North Korea, The Little Prince, raising children, soundtracks for your life

This morning, while watching a TED clip on a visit to North Korea, I happened to read the mostly derisory comments below, one of which referred to The Little Prince. While I had heard of that book before, it occurred to me that I had never read it. A quick search revealed that this book, translated into 180 languages and dialects and having sold 80 million copies really needed to be on my reading list…

But in the meantime, I wanted to share a few quotes that seemed poignant:

  • One cannot see well except with the heart, the essential is invisible to the eyes.
  • You become responsible, forever, for what you have tamed.
  • It is the time you have spent with your rose that makes your rose so important.

All this after awaking this morning with a dream of figuring out how I would educate a child… especially on this occasion reminding me that we teach most when we teach through stories.

For some time, I have noticed how the songs that dominate my playlist tend to be reflected in my life. When I was listening to Lips of an Angel, I found myself surrounded by romantic distractions; in the past I have listened to Lose Yourself or Life or Cats in the Cradle, each time with noticable shifts in my thinking. More recently, I have tended more towards Everything, Thank You, Hey Beautiful and Eyes Wide Open… with totally different results. My lesson comes down to a simple question:

What is the soundtrack for your life?

Choose your soundtrack carefully…

Communication is not that difficult… REALLY!!!

When I was in primary school I knew that I was going to enjoy public speaking. Debating was my first love though my attention shifted towards public speaking and training. Right now I’m involved with three Toastmasters Clubs here in Shanghai – to me, it still offers the best value speaking training in the world today. Yet I am still staggered at how people who call themselves leaders can possess such embarrassing communication skills. Continue reading “Communication is not that difficult… REALLY!!!” »

I love great service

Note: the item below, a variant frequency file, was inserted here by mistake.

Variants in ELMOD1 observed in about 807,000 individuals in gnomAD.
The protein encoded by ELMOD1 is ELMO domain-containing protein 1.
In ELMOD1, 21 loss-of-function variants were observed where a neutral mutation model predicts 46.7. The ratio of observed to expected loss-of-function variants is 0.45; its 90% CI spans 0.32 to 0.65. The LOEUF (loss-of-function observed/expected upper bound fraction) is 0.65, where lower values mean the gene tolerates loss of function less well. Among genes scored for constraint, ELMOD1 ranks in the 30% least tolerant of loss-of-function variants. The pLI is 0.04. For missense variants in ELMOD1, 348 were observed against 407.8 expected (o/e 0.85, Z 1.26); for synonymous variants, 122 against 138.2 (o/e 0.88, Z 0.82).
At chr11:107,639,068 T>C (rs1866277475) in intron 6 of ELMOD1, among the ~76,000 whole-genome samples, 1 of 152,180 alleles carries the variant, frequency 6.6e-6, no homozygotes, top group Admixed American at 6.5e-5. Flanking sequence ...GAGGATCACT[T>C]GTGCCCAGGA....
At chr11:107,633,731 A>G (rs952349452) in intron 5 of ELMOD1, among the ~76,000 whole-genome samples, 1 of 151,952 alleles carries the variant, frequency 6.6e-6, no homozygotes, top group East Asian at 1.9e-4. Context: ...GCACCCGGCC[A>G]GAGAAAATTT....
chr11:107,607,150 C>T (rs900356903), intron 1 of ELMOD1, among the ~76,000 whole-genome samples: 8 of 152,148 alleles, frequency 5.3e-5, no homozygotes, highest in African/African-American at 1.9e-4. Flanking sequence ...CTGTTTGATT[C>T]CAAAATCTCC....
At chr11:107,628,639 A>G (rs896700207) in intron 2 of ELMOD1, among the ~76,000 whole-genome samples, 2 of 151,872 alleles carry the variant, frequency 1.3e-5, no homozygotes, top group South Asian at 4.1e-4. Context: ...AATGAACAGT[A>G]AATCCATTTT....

Great service in China doesn’t come often, but when it does it really feels great. After a saga of mixups, I just received a box of goodies today – my new bluetooth stereo headset and a cable to connect my phone to my stereo speakers. I love them – and they sound great – but the biggest buzz that I got out of it was the great service that I received from Shirley Pun and Wendy Wu from Expansys.

While they’re part of one of the biggest electronics companies around, they took the time to make sure that everything went wonderfully smoothly for my precise requirements amid returns, order changes and changes in destination. It’s a great thing to run a company that is mostly online – and they’re great at delivering top quality for a great price – but this experience has brought home to me that those rare occasions that you can interface with your customers make a disproportionate impact on the customer experience.

It’s like family. Most of the time you don’t see each other. Maybe an email or a card from time to time… which makes those rare occasions that you do get together all the more memorable and important. And makes it even more important to make sure you get it right when you do get the chance to make contact.

Being a great customer

Sometimes you get great service. This morning I grabbed breakfast from my usual local cafe – the BaBaiBan Waga’s. It’s seven minutes walk (yes, I timed it) from my front door and on the route that I take for my usual morning walk. I always get great service there – I know greeted Lisa (the barrista) by name this morning and was pleasantly surprised that she even remembered mine! I guess I really am a regular…

My dear friend and great mentor, John, taught me by example how to get along with service staff. He showed me how to chit-chat, greet them as people (rather than ‘servants’ or machines as they often get treated), and how to show sincere appreciation for their work. It’s become very much part of how I live and think, though this morning this HBS article helped make my understanding that much more explicit.

If we want to get great service – like I do there and at my local restaurant in particular – we can try being demanding, respectful, reliable, surprising and engaging. Just five things that make all the difference…

Oh – and my cappucino was absolutely the best that I’ve tasted anywhere in the world – Lisa really worked a miracle with firm froth and a rich yet smooth flavour 🙂

It’s a damn small world

I was in an outlying suburb of Shanghai on Friday afternoon, and of all the people that would walk up to me was my best friend’s brother-in-law! We met once – at his sister’s wedding – back in May, and we headed out last night 🙂

In London two years ago, I walked into Sarah, one of my dearest friends from law school, as we walked down the street in opposite directions – but a lot more of my friends or associates have ended up in London than here in Shanghai.

There are two things that this really made clear to me:

  1. The world is really really really really small, and
  2. Shanghai is an increasingly cool place to be.